Monday, July 04, 2005

Kevin Smokler: Bookmark Now

Bookmark Now turns out to be a considerable disappointment. But that is not so much a criticism of the book as a reflection of the fact that I expected it to be something rather different from what it is.

Edited by Kevin Smokler, Bookmark Now is a collection of essays. The subtitle is 'Writing in unreaderly times'; and somehow or other, perhaps through not reading the publicity carefully enough, I got the impression that this would be a body of work about taking advantage of the new technology. I thought there would be quite a lot about writing for the internet, the impact of new book-printing techniques, new approaches to copyright, and so forth.

What we have, in fact, is a collection of essays by people who are mostly not so much new technologists as old-time literary types (even if they are young-ish). They edit literary magazines; they have written critically acclaimed novels (which means that no one bought them); they have won obscure literary prizes; and, yes, they teach creative writing. In short, they are the usual suspects; the kind of people whom I hold responsible for many of the foolish nonsenses which are mistaken for established facts in the world of serious literary criticism. Little wonder, then, that I find myself out of sympathy with most of what they have to say.

If there is anyone among the lot of them who writes anything which might be called down-market commercial fiction (or even non-fiction), then that person escaped my notice, for which I apologise. There doesn't seem to be anyone from crime or romance, for example.

True, there are a few contributors who write about the internet and the new media, notably Douglas Rushkoff, Elizabeth Spiers, and Neil Pollack. But the bulk of the essayists are not the kind of writers whose ideas and opinions I was hoping to read about.

Thus far, of course, this is all the result of my own misapprehension. So what of the book?

It begins with an introduction by the editor, in which he comments on the absence of fresh thinking among both authors and publishers, and expresses the hope that the essays that he has collected will be seen as an invitation to think big. Smokler's publisher describes him, by the way, as 'one of the country's [USA's] leading thinkers on the future of contemporary literature, publishing, and the arts at large.' That being so, perhaps it's a pity that he didn't write a whole book of his own.

The essays are grouped into four sections: Beginnings; The writing life; The now; and The future.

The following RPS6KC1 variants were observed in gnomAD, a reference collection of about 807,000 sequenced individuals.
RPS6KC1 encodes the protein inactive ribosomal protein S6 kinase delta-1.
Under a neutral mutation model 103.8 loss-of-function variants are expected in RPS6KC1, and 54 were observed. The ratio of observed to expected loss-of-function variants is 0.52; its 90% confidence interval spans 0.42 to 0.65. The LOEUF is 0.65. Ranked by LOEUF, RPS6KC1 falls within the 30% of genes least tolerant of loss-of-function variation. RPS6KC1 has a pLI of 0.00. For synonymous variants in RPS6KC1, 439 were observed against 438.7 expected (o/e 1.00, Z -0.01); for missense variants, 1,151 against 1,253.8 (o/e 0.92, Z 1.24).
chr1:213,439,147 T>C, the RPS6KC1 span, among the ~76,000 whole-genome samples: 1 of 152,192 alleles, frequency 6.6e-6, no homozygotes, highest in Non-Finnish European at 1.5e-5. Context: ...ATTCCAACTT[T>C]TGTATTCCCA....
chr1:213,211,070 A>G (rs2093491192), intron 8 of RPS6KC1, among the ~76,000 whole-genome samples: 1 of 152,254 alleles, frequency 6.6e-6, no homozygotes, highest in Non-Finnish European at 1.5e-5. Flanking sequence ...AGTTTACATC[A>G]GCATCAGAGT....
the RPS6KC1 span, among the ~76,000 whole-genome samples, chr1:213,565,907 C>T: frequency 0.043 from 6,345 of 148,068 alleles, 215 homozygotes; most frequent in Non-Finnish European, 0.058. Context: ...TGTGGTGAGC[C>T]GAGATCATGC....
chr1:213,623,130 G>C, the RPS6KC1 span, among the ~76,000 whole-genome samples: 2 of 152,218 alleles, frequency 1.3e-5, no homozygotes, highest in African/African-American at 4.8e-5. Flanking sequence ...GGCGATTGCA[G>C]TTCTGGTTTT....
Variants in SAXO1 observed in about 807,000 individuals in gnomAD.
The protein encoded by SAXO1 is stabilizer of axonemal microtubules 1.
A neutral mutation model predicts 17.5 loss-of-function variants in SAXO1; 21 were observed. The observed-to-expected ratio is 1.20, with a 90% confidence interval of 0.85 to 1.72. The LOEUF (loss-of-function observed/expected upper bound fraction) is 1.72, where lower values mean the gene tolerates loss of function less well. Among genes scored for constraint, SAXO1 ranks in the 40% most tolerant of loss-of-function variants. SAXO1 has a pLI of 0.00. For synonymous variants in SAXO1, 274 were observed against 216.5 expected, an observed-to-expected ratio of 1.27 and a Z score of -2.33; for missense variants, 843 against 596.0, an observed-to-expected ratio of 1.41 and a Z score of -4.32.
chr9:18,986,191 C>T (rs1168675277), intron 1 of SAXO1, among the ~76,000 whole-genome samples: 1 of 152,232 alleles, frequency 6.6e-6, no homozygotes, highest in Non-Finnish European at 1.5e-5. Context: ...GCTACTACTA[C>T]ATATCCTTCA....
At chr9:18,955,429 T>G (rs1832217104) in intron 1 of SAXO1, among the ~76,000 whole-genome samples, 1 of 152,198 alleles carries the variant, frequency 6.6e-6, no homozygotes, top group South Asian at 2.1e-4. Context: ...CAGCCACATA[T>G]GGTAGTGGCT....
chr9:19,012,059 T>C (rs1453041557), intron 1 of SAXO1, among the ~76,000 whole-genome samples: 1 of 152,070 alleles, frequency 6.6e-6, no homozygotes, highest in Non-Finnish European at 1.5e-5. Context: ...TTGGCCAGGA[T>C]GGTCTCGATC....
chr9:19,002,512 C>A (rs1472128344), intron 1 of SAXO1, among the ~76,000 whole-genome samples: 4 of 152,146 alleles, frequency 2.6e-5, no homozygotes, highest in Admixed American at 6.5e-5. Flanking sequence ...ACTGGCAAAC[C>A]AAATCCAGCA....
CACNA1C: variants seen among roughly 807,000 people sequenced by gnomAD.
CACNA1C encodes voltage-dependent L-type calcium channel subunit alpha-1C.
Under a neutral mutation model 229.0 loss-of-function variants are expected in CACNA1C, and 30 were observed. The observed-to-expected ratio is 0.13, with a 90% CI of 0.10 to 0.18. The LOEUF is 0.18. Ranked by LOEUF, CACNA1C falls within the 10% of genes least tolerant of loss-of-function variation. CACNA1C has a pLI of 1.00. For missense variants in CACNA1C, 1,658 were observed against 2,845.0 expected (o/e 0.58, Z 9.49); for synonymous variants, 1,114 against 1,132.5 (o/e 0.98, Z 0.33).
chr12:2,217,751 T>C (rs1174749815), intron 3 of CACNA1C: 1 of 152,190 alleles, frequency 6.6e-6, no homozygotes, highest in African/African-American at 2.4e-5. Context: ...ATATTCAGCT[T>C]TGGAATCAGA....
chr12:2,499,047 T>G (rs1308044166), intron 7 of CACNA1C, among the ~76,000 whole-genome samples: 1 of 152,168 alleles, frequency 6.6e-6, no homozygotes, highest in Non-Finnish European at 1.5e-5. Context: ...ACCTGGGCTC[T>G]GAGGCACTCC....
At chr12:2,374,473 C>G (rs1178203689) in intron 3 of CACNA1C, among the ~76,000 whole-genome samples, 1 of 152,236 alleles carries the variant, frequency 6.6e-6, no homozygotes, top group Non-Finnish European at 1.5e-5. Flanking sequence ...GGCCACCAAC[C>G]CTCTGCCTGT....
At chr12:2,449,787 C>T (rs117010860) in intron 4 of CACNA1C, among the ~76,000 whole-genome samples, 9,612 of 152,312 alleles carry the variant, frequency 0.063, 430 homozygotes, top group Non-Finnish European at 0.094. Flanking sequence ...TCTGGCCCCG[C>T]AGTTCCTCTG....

The first essay struck me as being a poor start, and it did not encourage me to read further; but I did. The second is a slight improvement, but my notes say, Where's the beef? And finally, in the fourth essay, by Howard Hunt, we have a good solid piece on the technique of interviewing rock stars; should you ever wish to do so.

You may be wondering, by the way, whether this is the same Howard Hunt who was involved in the Watergate burglary and subsequently wrote (or gave his name to?) some pretty good espionage novels. The answer is no. Unfortunately. The essay would have been a damn sight more interesting if it was.

I'm afraid that it was with the last essay in this first section, Michelle Richmond's 'raw takes on the MFA', that I really began to lose patience.

Degree courses in 'creative writing' are more widespread in the USA than in the UK, though modern UK universities are doing their best to remedy the situation -- for which read 'take full advantage of the gullibility of a seemingly endless supply of mugs'. And once upon a time, potential students could be forgiven for assuming that such a degree course was a worthwhile investment of time and money.

But not, surely, any longer. Anyone who troubles to use Google can find a vast amount of data demonstrating that MFA courses are not a good investment in terms of financial return. Neither could such courses be mistaken, by anyone who knows anything about universities, as a broad-based form of liberal education. They are, in short, an almost complete waste of time and money.

Michelle Richmond tells us that when she embarked on her own MFA course -- a four-year marathon, God help us all -- she began to question her own sanity. As well she might.

The students on Michelle's course, by her own account, seem to have spent much of their time fucking each other's brains out. But, if such is your taste, you don't actually need to go on an expensive degree course. As for the 'workshop' technique -- which is what the MFA colleges use to eliminate the need to actually teach anything -- no one in their right mind could possibly imagine that it will lead anywhere much. Why should you care what a bunch of self-obsessed, over-ambitious, fuzzy-thinking weirdos think about what you have written? An experienced agent might very well have something valuable to tell you. But a fellow student? I really don't think so.

So, asks Michelle in conclusion, 'do you need to go to school to become a writer? Probably not.' And what does Michelle Richmond do for a living now? She teaches writing in San Francisco.

The second group of essays are linked by the heading 'The Writing life'. Several of them struck me, I'm sorry to say, as self-indulgent and of little value. On the whole it seems to me that the authors of these pieces spend too much time talking and writing about writing fiction and not enough time actually doing it. (A failing to which I am not altogether immune myself, of course.)

Neal Pollack is interesting on fan fiction, and he tells some stories about writing online which should give serious pause to anyone contemplating doing the same.

For me, part three of the book, 'The now', contained nothing of note or of value. Which leaves only part four, 'The future'.